Laughing yoga enthusiasts tout its benefits
Spenser Li/Special to The Gazette
The inventors of yoga thousands of years ago probably did not envision plastic camouflage helmets, conga lines, and Kool and the Gang's "Celebration" as part of the routine. But Nira Berry doesn't particularly care. In fact, she'd probably laugh them off.
Berry is a teacher of laughter yoga, a series of role-playing exercises and relaxation routines that allow people to laugh out loud without trying to crack jokes. She even has an arresting motto for newcomers who don't think they can force their way to authentic guffaws: "You fake it until you make it."
"You don't need to have a sense of humor to laugh," Berry told about 50 participants, mostly newcomers, at a laughter yoga session at Suburban Hospital on Dec. 9.
Berry's routine consists of four components: laughter, clapping, breathing and "childlike playfulness." The exercises range from simply waving one's arms back and forth while chanting "Ho ho, ha ha ha!" to multi-step routines that incorporate laughter into physical imitations of morning routines. When participants mime spreading shaving cream on their faces, they giggle and pretend to smear the stuff on their neighbor's cheeks. They even mock the laughter of co-workers.
At one point, Berry stands on the stage, divides the group into three laughing styles of "Ho!" "Ha!" and "Hee!" and, just like a comedic Kurt Mazur at the New York Philharmonic, waves her arms rhythmically over the crowd and prompts different cadences and patterns of laughter.
The group then moves from the orchestral to the downright absurd, donning piratical hats, wigs and Hawaiian leis and forming a conga line that parades down the aisles and through the seats for more than five minutes to the strains of "Celebration." Participants are told to stomp on imaginary everyday problems and cackle derisively. Every routine is punctuated by Berry's infectious laughter.
Veterans of laughter yoga are particularly bold, bellowing out grotesque and twisted forms of merriment that in turn draw out the laughter of more cautious participants, creating a mutually reinforcing echo chamber. At one point, Berry flubs a line in her yoga rap song, sending people off on a new round of laughter.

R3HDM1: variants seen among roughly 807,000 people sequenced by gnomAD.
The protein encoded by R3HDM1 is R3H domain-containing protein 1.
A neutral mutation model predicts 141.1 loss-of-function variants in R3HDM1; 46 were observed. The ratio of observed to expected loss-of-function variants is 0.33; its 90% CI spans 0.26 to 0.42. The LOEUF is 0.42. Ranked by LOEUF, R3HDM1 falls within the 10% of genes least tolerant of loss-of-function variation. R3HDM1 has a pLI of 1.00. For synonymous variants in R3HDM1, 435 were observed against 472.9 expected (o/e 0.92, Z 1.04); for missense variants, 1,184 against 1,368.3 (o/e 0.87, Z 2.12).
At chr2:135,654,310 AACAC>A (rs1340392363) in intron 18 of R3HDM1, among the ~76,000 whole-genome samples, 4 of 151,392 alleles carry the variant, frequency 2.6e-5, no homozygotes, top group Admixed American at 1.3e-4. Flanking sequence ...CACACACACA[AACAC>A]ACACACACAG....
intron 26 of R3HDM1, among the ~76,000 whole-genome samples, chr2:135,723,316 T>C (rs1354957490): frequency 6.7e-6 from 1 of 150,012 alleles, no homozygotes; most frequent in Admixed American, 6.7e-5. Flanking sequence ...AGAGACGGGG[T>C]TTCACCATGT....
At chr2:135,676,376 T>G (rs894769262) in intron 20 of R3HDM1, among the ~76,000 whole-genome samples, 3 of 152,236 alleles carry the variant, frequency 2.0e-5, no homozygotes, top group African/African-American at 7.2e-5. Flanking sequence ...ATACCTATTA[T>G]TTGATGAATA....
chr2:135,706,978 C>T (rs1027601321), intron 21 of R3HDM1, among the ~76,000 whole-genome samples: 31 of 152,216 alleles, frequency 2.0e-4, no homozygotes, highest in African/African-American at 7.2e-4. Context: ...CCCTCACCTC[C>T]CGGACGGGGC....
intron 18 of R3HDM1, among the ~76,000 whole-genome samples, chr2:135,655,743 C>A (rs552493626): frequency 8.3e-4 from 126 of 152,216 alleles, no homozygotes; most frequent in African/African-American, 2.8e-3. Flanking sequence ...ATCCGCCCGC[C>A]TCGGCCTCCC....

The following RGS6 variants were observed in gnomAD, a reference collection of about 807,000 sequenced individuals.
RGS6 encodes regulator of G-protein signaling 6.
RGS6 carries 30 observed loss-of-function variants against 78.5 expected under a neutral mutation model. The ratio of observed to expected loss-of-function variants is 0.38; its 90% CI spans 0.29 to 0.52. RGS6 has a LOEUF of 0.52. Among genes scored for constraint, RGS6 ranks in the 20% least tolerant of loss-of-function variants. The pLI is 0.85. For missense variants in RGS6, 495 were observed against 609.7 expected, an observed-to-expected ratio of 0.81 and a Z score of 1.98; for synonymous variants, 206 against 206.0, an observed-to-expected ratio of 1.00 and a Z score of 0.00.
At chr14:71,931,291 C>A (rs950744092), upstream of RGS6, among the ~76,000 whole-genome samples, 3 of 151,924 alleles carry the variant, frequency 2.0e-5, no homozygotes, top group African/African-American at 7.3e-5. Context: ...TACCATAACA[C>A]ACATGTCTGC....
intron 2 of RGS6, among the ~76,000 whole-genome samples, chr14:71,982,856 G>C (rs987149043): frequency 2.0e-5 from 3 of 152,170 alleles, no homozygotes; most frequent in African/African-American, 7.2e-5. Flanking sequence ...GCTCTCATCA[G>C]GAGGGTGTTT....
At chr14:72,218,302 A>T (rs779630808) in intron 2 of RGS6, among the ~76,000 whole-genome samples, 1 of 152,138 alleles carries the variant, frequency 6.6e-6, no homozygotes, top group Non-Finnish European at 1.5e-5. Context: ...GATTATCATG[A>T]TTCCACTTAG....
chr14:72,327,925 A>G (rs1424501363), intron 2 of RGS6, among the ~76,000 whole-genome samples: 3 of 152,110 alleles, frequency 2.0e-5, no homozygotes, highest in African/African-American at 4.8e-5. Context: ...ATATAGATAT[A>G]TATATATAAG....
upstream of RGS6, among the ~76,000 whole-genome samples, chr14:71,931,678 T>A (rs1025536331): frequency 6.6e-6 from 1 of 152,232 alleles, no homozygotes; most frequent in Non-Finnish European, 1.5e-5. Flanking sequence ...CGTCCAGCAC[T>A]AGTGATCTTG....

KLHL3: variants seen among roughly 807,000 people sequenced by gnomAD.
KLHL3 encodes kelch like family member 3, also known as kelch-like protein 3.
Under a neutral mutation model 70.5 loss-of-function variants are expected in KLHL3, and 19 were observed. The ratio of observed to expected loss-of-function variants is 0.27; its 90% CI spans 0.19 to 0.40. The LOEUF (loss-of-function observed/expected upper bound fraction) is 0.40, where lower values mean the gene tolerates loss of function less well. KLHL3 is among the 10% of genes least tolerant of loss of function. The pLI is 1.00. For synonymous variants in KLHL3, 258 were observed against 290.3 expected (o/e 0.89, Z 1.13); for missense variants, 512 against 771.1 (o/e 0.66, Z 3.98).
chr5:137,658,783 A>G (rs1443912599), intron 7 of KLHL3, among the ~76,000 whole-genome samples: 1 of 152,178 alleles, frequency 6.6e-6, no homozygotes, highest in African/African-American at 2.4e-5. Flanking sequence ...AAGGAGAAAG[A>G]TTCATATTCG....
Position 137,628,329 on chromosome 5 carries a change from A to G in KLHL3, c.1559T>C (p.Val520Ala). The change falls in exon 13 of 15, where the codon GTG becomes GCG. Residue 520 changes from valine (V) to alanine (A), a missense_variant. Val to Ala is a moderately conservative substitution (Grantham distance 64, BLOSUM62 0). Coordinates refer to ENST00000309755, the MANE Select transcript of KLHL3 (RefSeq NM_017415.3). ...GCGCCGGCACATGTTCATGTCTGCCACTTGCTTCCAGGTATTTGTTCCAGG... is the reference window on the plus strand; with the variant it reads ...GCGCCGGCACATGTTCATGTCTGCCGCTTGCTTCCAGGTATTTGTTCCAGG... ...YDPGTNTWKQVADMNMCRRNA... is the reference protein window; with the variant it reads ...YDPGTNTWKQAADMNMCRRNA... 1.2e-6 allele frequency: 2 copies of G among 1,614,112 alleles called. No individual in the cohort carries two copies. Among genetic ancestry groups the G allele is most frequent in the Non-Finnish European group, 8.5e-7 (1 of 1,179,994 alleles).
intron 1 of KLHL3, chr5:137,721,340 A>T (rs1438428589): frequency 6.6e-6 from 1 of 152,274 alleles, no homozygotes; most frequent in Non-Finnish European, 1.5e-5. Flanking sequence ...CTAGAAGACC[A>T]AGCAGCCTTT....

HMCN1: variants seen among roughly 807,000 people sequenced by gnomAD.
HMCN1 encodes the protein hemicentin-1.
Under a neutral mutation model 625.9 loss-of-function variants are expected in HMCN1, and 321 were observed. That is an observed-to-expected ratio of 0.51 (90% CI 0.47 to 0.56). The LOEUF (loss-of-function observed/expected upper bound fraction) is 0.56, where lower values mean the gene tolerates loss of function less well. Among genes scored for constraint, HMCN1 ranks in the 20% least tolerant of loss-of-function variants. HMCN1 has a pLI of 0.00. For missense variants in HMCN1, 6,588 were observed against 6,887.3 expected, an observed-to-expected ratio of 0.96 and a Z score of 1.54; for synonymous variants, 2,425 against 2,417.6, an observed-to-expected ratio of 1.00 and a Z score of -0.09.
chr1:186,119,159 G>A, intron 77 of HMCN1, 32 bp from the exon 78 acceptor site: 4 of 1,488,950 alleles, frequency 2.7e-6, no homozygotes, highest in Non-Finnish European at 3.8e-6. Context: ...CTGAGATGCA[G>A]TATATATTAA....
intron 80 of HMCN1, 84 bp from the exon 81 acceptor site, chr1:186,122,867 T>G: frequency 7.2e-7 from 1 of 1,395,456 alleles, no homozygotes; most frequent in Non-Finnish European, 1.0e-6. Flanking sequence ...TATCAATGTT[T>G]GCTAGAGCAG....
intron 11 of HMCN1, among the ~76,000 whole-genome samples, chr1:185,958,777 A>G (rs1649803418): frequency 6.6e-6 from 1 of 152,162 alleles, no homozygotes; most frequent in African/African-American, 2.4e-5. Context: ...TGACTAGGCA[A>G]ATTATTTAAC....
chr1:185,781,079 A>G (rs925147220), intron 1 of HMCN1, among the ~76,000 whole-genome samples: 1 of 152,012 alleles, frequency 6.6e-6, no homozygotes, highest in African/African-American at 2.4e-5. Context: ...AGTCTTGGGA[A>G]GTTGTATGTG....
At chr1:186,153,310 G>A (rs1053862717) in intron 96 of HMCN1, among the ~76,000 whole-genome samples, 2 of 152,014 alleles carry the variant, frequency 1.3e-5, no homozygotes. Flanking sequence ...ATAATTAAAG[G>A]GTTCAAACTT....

"It's crazy, isn't it?" Iris Andris of Bethesda whispered in the middle of the recurring "Ho ho, ha ha ha!" chant.
Only the 15-minute deep-breathing and body-awareness routines at the end of the session recall typical yoga. But Berry touts the various health benefits of the practice, which was started by an Indian doctor in the mid-1990s. Ten minutes of sustained laughter, she claims, is the cardiovascular equivalent of 30 minutes on the exercise bike and boosts endorphin levels.
She leads laughter yoga exercises for a wide variety of groups, from University of Maryland students to corporations looking for creative team-building exercises.
Berry, whose business is called LaughingRx Yoga, got interested in laughter yoga during a bout with cancer eight years ago. During her recovery, when friends asked her if she wanted anything, she said she asked for things that made her laugh, like the movie "My Cousin Vinny." The practice is also supposed to help people with allergies and asthma.
"I was looking for an alternative way to heal myself," she said.
Andris said when she first heard about laughter yoga, she was skeptical. But after the one-and-a-half hour session, she felt relaxed and felt as if she had been through a real workout. She was also impressed with Berry's ability to overcome much of the group's initial timidity.
"It was amazing watching her bring us all together," she said.
Rockville resident Zohreh Movahed had done laughter yoga before, when her sister-in-law, an employee at the National Institutes of Health, told her about it. She said she was happy to laugh without worrying about offending people.
"When people start laughing, you realize you're not alone," she said.